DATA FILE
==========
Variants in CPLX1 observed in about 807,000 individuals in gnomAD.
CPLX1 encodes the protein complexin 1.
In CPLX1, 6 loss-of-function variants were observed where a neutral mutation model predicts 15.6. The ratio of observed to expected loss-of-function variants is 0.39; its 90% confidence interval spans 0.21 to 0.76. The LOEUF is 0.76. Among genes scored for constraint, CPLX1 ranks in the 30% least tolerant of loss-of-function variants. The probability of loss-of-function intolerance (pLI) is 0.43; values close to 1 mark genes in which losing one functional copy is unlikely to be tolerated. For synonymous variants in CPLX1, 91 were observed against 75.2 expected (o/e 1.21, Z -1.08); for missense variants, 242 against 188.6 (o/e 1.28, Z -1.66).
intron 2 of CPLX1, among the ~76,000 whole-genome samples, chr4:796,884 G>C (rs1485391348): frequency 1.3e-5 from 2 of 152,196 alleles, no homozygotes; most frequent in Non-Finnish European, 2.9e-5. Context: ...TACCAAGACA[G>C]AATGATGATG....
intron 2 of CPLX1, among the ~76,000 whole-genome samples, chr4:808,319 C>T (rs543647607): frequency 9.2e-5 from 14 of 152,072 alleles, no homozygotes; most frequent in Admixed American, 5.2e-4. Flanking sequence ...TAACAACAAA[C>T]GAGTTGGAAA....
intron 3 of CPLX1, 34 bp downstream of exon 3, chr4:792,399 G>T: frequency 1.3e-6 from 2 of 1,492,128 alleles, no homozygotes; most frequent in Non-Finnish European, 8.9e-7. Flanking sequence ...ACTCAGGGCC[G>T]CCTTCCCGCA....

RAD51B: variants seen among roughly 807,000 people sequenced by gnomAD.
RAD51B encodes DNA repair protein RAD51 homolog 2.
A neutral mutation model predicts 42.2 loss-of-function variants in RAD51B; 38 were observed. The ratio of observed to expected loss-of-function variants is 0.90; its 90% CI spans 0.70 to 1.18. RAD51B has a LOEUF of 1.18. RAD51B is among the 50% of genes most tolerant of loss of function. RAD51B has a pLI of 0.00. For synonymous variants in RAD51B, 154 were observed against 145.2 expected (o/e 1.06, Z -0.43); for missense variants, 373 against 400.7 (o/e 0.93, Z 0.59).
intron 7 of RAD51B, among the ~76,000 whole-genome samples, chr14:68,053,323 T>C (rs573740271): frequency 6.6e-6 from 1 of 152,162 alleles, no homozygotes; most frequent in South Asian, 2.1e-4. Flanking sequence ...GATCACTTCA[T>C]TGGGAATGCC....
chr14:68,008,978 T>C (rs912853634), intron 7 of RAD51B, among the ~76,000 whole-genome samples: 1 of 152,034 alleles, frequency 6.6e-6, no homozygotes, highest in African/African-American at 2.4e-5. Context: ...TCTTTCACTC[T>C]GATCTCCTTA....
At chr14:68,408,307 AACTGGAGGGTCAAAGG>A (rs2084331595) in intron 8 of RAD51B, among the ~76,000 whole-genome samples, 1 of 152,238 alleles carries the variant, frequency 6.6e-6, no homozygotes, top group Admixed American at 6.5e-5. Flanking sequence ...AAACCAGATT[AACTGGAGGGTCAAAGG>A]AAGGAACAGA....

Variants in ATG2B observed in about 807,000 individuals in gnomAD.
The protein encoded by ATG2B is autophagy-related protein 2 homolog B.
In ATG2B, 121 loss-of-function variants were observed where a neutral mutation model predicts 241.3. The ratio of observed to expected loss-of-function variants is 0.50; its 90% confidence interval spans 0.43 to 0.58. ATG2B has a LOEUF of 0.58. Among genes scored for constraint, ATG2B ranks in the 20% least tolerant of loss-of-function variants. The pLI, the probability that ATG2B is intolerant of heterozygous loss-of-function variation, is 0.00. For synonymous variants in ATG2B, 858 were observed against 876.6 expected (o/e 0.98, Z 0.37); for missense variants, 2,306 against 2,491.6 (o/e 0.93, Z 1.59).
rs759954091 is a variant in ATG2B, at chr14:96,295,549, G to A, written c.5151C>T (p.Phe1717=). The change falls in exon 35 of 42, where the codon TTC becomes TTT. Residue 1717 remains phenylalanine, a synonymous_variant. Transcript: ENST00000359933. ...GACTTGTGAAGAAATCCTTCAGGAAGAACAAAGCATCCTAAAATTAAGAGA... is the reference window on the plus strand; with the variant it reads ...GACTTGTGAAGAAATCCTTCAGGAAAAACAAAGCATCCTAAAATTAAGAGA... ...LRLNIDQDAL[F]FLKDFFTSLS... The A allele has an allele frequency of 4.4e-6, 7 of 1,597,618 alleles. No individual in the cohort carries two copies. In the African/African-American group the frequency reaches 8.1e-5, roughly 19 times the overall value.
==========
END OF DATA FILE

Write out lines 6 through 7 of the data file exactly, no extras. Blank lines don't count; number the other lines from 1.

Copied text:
intron 3 of CPLX1, 34 bp downstream of exon 3, chr4:792,399 G>T: frequency 1.3e-6 from 2 of 1,492,128 alleles, no homozygotes; most frequent in Non-Finnish European, 8.9e-7. Flanking sequence ...ACTCAGGGCC[G>T]CCTTCCCGCA....

RAD51B: variants seen among roughly 807,000 people sequenced by gnomAD.